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Image / Editorial

Marks and Spencer accused of sexism over window display


By Edaein OConnell
21st Nov 2018
Marks and Spencer accused of sexism over window display

Marks and Spencer have come under fire for a window display in their Nottingham store in England.

One side of the window shows men’s suits with the slogan “must-have outfits to impress” and the other shows women’s lingerie with the accompanying slogan “must-have fancy little knickers”. The display has been described as ‘sexist’ by campaigners.

Picture: @FiLiA_charity

 

The window was then defaced, with the tagline changed to the words “must-have full human rights.”

A picture of the window was originally posted into a Facebook group called Feminist Friends Nottingham by a user called Fran Bailey with the caption: “Ok, M&S Nottingham, have we really not learned anything in the last 35 years? Or am I alone in finding this, their major window display, completely vomit inducing?”

Speaking to the BBC, Fran explained why she was outraged, saying: “I also feel very, very strongly about the representation of women as being preoccupied with ‘fancy little knickers’, whereas men are presented as powerful and needing to be impressive. I don’t have a problem with people choosing to wear whatever they want to wear, I just feel like the juxtaposition is what’s grossly, grossly offensive.”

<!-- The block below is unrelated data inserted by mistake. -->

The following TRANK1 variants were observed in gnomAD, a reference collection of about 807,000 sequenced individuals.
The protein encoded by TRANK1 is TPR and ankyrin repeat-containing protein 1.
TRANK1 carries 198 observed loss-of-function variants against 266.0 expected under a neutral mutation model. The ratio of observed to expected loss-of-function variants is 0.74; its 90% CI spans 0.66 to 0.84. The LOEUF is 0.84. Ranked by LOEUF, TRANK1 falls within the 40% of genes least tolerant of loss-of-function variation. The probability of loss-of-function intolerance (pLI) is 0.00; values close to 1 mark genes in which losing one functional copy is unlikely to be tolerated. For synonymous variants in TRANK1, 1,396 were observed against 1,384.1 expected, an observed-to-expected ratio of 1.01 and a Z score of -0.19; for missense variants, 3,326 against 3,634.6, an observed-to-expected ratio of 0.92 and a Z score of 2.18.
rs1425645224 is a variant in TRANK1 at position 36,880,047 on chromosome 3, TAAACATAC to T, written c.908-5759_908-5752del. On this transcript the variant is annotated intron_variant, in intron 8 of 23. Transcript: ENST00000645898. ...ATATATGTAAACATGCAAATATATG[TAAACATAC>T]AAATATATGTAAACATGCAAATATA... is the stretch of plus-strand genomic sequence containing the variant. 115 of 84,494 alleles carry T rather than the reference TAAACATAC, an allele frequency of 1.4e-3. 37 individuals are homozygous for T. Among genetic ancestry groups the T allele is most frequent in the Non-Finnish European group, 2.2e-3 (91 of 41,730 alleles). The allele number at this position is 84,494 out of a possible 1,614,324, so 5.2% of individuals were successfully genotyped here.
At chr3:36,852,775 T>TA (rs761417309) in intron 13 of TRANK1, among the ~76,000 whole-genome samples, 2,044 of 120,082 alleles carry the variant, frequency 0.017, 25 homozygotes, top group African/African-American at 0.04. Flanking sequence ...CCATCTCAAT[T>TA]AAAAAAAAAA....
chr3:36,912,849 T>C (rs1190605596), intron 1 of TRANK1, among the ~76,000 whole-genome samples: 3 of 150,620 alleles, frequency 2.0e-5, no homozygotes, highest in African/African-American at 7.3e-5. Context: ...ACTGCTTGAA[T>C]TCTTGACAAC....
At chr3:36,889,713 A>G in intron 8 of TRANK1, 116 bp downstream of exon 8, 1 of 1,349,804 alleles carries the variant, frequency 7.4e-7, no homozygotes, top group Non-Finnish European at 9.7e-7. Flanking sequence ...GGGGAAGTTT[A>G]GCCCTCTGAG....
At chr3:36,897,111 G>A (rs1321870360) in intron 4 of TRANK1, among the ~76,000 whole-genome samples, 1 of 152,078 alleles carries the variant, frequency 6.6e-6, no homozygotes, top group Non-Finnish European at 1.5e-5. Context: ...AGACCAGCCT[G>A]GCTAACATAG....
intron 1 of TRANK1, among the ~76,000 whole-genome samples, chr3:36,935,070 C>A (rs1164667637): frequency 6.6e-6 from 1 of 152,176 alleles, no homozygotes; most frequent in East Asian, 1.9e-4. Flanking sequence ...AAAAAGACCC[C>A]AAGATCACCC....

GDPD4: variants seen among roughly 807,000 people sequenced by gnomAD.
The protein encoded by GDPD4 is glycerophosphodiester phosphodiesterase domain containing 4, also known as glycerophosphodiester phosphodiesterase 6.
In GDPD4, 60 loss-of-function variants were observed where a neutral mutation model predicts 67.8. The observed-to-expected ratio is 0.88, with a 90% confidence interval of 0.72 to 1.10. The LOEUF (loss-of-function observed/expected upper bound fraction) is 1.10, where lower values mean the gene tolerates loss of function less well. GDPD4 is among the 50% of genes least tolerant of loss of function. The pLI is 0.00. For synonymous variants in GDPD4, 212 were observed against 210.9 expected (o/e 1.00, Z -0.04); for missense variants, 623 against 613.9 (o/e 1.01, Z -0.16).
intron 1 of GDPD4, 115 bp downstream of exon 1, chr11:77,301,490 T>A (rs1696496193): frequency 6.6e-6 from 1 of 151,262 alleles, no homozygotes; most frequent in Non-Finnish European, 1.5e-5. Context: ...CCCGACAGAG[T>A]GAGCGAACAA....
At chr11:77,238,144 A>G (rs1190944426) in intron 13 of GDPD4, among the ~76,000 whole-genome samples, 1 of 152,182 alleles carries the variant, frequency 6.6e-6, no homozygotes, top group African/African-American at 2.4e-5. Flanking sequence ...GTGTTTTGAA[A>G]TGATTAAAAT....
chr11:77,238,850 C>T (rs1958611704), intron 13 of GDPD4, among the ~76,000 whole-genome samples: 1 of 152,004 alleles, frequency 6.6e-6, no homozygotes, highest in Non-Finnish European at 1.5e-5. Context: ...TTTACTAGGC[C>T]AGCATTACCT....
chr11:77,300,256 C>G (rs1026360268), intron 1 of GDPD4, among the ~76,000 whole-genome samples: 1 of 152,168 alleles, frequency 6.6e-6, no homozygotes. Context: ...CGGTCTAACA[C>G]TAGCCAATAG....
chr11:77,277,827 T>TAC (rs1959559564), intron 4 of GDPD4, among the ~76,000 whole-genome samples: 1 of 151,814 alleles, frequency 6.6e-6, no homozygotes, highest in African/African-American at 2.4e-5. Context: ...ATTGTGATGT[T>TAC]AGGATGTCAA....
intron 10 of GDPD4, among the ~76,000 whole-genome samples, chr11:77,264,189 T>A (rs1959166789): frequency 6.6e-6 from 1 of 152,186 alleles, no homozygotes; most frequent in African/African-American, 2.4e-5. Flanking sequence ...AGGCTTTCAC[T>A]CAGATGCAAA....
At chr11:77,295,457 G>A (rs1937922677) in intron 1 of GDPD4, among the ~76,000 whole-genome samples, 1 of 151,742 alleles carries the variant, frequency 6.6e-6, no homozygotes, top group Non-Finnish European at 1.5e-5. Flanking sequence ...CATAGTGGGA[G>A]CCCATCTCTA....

She added: “We are surrounded by sexual images of both men and women. M&S are not, by any means, the only offenders but that particular window just epitomises everything that’s wrong with current marketing and how far backwards we’ve gone.”

In a statement, Marks and Spencer said: “M&S sells more underwear, in more shapes, sizes and styles, than any other retailer, especially at Christmas. We’ve highlighted one combination in our windows, which are part of a wider campaign that features a large variety of Must-Have Christmas moments, from David Gandy washing up in an M&S suit through to families snuggling up in our matching PJs.”

Twitter users have also voiced their concerns over the window display: